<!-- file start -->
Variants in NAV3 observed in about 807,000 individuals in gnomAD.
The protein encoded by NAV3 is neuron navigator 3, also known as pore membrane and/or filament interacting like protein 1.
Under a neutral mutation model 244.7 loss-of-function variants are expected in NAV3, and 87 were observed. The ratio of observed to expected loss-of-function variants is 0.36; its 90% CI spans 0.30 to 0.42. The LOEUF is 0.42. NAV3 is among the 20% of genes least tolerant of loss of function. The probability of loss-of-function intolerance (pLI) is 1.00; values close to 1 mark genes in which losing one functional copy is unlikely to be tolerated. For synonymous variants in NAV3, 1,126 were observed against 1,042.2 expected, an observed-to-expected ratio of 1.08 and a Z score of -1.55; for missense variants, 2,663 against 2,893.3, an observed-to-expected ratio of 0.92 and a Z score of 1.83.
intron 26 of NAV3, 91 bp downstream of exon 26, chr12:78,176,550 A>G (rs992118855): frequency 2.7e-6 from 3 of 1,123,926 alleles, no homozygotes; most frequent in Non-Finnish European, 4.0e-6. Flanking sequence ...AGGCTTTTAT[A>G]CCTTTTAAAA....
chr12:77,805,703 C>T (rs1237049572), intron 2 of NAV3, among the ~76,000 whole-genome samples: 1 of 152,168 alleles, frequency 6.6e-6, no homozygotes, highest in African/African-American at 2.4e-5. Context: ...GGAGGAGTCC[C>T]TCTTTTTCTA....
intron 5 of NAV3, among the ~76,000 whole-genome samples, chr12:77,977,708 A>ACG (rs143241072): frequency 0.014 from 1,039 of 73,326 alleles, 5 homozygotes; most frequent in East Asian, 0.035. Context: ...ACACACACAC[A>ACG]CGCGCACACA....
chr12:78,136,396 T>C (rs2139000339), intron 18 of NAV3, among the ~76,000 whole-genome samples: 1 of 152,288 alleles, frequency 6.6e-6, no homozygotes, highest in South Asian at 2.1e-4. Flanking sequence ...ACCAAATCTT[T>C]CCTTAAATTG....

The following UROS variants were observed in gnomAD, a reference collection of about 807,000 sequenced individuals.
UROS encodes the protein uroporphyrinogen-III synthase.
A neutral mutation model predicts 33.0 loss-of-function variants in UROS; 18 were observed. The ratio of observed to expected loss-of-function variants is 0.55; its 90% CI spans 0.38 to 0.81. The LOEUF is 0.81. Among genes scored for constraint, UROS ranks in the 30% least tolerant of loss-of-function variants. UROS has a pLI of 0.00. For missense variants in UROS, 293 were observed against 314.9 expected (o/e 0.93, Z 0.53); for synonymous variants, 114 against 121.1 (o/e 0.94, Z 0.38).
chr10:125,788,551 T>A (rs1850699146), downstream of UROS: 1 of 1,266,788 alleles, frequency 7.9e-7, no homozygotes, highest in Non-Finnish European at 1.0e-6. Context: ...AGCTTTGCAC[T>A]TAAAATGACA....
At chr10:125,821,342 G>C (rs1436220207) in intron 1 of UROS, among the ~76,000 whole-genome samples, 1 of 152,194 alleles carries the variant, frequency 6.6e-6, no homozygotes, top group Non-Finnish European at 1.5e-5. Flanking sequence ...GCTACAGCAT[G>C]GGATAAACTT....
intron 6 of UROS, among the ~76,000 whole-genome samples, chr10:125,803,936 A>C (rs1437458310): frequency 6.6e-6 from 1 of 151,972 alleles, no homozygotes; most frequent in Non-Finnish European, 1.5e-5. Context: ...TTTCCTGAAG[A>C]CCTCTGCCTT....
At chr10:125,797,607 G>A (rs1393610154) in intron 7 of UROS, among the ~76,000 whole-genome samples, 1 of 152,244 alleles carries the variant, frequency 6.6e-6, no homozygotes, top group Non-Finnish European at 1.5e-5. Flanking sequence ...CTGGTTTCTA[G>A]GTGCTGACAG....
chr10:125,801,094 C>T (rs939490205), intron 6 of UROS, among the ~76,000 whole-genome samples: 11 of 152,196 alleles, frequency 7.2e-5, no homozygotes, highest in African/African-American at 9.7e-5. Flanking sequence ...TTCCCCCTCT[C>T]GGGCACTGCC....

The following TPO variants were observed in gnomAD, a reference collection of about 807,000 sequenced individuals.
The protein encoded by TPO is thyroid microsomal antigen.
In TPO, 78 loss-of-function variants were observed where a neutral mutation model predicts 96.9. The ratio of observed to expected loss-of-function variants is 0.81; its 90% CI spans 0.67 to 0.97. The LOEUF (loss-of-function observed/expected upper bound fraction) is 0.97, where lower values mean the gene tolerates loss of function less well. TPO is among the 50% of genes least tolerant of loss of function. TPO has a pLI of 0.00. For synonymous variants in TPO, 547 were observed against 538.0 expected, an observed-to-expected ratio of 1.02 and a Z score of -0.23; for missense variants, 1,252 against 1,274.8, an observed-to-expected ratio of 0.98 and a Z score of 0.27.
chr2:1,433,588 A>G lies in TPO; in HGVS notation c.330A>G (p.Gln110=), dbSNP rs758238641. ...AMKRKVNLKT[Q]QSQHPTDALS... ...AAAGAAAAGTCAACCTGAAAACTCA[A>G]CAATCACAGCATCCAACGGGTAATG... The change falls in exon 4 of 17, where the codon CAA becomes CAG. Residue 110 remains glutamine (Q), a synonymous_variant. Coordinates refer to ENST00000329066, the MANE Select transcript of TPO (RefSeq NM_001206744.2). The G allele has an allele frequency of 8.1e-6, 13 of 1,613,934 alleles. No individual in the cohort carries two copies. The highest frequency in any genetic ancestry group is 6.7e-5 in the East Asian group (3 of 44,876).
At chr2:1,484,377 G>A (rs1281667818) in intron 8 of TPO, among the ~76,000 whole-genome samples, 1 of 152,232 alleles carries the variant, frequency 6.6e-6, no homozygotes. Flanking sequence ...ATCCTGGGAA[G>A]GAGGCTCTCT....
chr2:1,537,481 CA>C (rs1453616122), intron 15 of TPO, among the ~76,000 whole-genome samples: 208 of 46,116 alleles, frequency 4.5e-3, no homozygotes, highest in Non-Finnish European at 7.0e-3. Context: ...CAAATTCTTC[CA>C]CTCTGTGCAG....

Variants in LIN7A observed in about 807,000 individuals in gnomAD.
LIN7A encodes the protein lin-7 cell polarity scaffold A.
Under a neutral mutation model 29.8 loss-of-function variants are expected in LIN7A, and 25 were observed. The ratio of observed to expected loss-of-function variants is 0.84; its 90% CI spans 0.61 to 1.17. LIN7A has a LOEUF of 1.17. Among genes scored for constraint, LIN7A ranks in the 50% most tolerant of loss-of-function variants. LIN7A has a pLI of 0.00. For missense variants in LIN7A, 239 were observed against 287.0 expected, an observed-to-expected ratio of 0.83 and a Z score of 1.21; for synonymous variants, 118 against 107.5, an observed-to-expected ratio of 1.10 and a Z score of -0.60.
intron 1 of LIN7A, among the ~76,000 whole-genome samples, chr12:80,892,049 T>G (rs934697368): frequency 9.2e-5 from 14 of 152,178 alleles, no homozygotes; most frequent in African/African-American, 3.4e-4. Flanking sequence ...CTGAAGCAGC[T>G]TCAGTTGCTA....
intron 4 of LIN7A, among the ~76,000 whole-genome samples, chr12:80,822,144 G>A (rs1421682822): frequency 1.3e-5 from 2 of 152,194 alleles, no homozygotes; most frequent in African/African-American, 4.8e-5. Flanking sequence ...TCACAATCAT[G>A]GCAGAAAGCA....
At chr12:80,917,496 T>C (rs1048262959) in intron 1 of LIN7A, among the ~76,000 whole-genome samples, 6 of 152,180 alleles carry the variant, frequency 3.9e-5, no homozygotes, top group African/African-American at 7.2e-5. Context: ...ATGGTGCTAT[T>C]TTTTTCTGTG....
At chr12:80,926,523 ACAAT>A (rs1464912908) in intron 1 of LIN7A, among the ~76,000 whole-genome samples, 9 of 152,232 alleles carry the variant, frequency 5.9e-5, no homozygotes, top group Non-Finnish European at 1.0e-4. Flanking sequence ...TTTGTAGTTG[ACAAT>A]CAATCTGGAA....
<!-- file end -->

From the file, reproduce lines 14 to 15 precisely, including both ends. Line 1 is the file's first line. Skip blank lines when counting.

At chr10:125,797,607 G>A (rs1393610154) in intron 7 of UROS, among the ~76,000 whole-genome samples, 1 of 152,244 alleles carries the variant, frequency 6.6e-6, no homozygotes, top group Non-Finnish European at 1.5e-5. Flanking sequence ...CTGGTTTCTA[G>A]GTGCTGACAG....
chr10:125,801,094 C>T (rs939490205), intron 6 of UROS, among the ~76,000 whole-genome samples: 11 of 152,196 alleles, frequency 7.2e-5, no homozygotes, highest in African/African-American at 9.7e-5. Flanking sequence ...TTCCCCCTCT[C>T]GGGCACTGCC....